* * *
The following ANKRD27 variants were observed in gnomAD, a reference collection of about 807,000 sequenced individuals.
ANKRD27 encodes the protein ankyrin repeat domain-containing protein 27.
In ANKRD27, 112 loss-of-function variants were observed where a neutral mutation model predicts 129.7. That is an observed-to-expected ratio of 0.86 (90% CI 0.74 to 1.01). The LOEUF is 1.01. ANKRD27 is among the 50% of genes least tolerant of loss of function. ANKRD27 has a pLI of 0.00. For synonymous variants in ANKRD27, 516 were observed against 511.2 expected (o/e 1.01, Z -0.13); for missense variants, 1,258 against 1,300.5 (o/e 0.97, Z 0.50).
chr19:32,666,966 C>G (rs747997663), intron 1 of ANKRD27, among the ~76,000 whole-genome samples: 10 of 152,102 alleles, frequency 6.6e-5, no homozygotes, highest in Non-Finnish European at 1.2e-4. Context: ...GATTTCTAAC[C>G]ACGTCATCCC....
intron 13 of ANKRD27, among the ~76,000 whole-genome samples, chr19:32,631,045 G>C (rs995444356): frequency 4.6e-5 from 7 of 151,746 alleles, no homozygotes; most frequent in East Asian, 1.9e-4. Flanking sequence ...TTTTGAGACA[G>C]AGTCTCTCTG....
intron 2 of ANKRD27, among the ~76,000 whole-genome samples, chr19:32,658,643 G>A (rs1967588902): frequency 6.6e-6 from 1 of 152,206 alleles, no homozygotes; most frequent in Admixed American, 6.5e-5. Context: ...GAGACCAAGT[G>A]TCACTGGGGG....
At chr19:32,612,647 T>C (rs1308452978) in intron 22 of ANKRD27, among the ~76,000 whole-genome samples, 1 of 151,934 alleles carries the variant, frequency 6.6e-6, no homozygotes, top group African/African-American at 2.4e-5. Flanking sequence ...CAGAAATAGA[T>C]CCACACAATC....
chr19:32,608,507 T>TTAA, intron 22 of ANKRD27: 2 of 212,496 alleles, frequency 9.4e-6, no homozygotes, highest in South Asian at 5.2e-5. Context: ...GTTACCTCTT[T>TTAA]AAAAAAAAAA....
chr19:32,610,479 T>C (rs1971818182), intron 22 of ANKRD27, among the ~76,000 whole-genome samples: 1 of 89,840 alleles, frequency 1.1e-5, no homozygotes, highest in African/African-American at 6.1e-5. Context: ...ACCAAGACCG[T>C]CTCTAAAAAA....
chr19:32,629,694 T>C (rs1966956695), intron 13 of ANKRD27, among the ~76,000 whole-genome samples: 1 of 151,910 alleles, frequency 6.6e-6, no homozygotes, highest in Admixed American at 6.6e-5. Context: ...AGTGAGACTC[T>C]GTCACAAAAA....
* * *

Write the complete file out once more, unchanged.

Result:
The following ANKRD27 variants were observed in gnomAD, a reference collection of about 807,000 sequenced individuals.
ANKRD27 encodes the protein ankyrin repeat domain-containing protein 27.
In ANKRD27, 112 loss-of-function variants were observed where a neutral mutation model predicts 129.7. That is an observed-to-expected ratio of 0.86 (90% CI 0.74 to 1.01). The LOEUF is 1.01. ANKRD27 is among the 50% of genes least tolerant of loss of function. ANKRD27 has a pLI of 0.00. For synonymous variants in ANKRD27, 516 were observed against 511.2 expected (o/e 1.01, Z -0.13); for missense variants, 1,258 against 1,300.5 (o/e 0.97, Z 0.50).
chr19:32,666,966 C>G (rs747997663), intron 1 of ANKRD27, among the ~76,000 whole-genome samples: 10 of 152,102 alleles, frequency 6.6e-5, no homozygotes, highest in Non-Finnish European at 1.2e-4. Context: ...GATTTCTAAC[C>G]ACGTCATCCC....
intron 13 of ANKRD27, among the ~76,000 whole-genome samples, chr19:32,631,045 G>C (rs995444356): frequency 4.6e-5 from 7 of 151,746 alleles, no homozygotes; most frequent in East Asian, 1.9e-4. Flanking sequence ...TTTTGAGACA[G>C]AGTCTCTCTG....
intron 2 of ANKRD27, among the ~76,000 whole-genome samples, chr19:32,658,643 G>A (rs1967588902): frequency 6.6e-6 from 1 of 152,206 alleles, no homozygotes; most frequent in Admixed American, 6.5e-5. Context: ...GAGACCAAGT[G>A]TCACTGGGGG....
At chr19:32,612,647 T>C (rs1308452978) in intron 22 of ANKRD27, among the ~76,000 whole-genome samples, 1 of 151,934 alleles carries the variant, frequency 6.6e-6, no homozygotes, top group African/African-American at 2.4e-5. Flanking sequence ...CAGAAATAGA[T>C]CCACACAATC....
chr19:32,608,507 T>TTAA, intron 22 of ANKRD27: 2 of 212,496 alleles, frequency 9.4e-6, no homozygotes, highest in South Asian at 5.2e-5. Context: ...GTTACCTCTT[T>TTAA]AAAAAAAAAA....
chr19:32,610,479 T>C (rs1971818182), intron 22 of ANKRD27, among the ~76,000 whole-genome samples: 1 of 89,840 alleles, frequency 1.1e-5, no homozygotes, highest in African/African-American at 6.1e-5. Context: ...ACCAAGACCG[T>C]CTCTAAAAAA....
chr19:32,629,694 T>C (rs1966956695), intron 13 of ANKRD27, among the ~76,000 whole-genome samples: 1 of 151,910 alleles, frequency 6.6e-6, no homozygotes, highest in Admixed American at 6.6e-5. Context: ...AGTGAGACTC[T>C]GTCACAAAAA....